Week two of Robinson trial in Memphis: Prosecutors call former THI employees
Shelby County Courthouse. (Photo: ShelbyCounty.gov)
Trial continued in Memphis this week for state Sen.Katrina Robinson who is facing federal charges of embezzlement and fraud. The charges allege that she intentionally appropriated federal grant funds meant for her business, The Health Institute, which provides postsecondary education in nursing.
The week’s testimony has focused on discrepancies in annual reports made by The Health Institute to the U.S. Department of Health Resources and Services Administration (HRSA), the department of the federal government that administered grant funds to THI.
The prosecution has relied on its witnesses to walk the jury through hundreds of spreadsheets, names, and numbers. Administrators for the State of Tennessee and the federal government compared tuition payments, names, and identification numbers for individual students at THI as the prosecution attempts to show that Robinson willfully misreported key metrics.
Robinson’s legal team has argued that there was no foundation to claim reporting mistakes were made intentionally or even made by Robinson. Money carried over between grant periods or complications inevitable when dealing with sufficiently large data sets, they argue, could be responsible for discrepancies.
On Wednesday, the prosecution relied heavily on testimony from Richard Haines, a special agent in the Office of the Inspector General of the Department of Health and Human Services, who spent the bulk of the day on THI’s annual reports from 2016 to 2019.
On direct examination, Haines described discrepancies he found between data reported to the federal government, data reported to the State of Tennessee, and internal business records seized by the FBI. For each yearly report submitted to HRSA, Haines had a list of entries he had found to be incomplete or inaccurate. These inconsistencies in student enrollment and sources of tuition payment affected between 10-20% of student records on any given report, each of which included information for a few hundred students.
Haines said THI claimed financial aid vouchers for students who paid for tuition by other means and reported enrollment information for nonexistent students.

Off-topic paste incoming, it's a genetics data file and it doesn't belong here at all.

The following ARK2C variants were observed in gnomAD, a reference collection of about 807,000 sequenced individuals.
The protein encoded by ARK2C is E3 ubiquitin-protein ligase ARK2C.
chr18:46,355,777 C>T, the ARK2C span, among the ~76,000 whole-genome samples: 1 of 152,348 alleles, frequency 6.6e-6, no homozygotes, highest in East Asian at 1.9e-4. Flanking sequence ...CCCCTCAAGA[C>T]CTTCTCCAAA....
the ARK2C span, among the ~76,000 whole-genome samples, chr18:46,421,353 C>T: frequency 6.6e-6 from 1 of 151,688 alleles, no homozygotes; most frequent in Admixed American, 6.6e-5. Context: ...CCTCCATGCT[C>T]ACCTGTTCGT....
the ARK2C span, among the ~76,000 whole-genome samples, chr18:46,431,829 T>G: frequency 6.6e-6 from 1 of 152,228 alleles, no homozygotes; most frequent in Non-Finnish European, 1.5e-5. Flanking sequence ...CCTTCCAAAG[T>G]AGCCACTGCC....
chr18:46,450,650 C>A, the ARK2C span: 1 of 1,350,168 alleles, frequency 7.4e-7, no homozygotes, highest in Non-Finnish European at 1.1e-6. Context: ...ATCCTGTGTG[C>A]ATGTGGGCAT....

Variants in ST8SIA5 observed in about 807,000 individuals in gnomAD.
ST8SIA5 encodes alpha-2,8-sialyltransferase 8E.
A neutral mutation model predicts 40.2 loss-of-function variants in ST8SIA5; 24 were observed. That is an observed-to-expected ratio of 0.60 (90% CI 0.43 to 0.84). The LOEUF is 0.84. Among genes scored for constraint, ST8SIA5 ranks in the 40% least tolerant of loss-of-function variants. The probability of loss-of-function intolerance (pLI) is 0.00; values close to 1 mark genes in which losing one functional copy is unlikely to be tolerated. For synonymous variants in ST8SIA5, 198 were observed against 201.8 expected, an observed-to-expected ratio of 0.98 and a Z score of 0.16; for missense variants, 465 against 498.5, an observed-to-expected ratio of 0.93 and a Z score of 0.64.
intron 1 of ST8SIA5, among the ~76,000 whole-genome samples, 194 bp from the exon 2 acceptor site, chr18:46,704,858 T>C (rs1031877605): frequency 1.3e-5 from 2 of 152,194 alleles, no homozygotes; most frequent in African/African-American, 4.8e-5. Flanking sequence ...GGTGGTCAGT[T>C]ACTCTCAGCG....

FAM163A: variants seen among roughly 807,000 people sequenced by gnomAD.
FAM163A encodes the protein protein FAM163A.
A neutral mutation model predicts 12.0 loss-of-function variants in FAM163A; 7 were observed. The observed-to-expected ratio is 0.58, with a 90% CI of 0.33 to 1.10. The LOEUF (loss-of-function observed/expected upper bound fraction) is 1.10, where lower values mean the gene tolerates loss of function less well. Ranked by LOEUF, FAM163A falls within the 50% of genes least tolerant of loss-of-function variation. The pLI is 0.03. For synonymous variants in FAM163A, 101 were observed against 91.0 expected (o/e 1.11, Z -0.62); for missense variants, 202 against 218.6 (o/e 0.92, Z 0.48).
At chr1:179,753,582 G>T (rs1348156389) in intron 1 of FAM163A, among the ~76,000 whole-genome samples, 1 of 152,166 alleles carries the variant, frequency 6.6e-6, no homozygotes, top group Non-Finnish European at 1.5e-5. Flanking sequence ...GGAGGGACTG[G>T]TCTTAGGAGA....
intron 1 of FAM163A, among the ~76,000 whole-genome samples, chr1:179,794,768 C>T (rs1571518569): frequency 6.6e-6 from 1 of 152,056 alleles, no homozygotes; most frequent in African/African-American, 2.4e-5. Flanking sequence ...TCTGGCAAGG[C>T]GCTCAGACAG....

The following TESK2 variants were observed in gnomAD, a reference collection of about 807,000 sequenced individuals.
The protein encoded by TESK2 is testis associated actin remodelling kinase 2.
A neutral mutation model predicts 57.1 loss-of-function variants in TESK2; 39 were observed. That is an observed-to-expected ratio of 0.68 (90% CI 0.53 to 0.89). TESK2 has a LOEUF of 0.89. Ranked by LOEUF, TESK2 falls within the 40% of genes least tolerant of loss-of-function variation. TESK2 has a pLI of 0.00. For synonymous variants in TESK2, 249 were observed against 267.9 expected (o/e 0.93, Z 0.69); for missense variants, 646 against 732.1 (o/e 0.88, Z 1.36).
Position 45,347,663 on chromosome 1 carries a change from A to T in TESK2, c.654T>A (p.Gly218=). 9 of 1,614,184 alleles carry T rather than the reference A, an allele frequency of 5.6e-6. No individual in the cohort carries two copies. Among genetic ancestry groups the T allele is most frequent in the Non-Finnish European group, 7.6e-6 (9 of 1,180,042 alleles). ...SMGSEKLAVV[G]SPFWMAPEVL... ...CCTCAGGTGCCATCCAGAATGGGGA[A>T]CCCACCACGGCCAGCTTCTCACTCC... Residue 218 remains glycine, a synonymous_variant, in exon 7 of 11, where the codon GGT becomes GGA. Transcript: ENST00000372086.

Robinson’s lawyers pointed out that Haines, who said he reviewed 50,000 documents in his investigation, didn’t find any evidence that Robinson intentionally misrepresented herself or THI.
Matthew Jehl, of the senator’s legal team, questioned Haines on the multiple errors in his reports, some of which he corrected as recently as Tuesday.
Haines used the same data when he testified in front of a grand jury that Robinson intentionally misrepresented students.
Two former THI employees, Iesha Wesley and Courtney McNeal, testified about how data was kept and reported at THI. Wesley worked directly on THI’s federal grant from 2017 to 2019, including helping prepare the school’s yearly HRSA report.Wesley called these annual reports a tedious process that required hundreds of records stored across three filing systems and said that Robinson told her to take specific care when reporting information to HRSA.
According to Wesley, she and Robinson secured a late filing deadline when there were issues with data duplication on the government’s electronic filing system, a fact THI communicated explicitly to HRSA.
McNeal testified about her duties as operations manager and laid the groundwork for testimony expected to come Thursday from THI’s accountant.
Robinson, a Democrat, was elected to the State Senate in 2018 to represent Tennessee’s 33rd Senate District 33, which includes southeast Memphis and parts of Collierville and Germantown. In a July interview with MLK50, Robinson, who is black, called the charges baseless, motivated by racism and politics.
U.S. district attorneys indicted her with 17 charges and, if convicted, she could face up to 20 years in federal prison.
After hearing testimony from THI’s accountant, the court expects federal attorneys to rest their case on Thursday.
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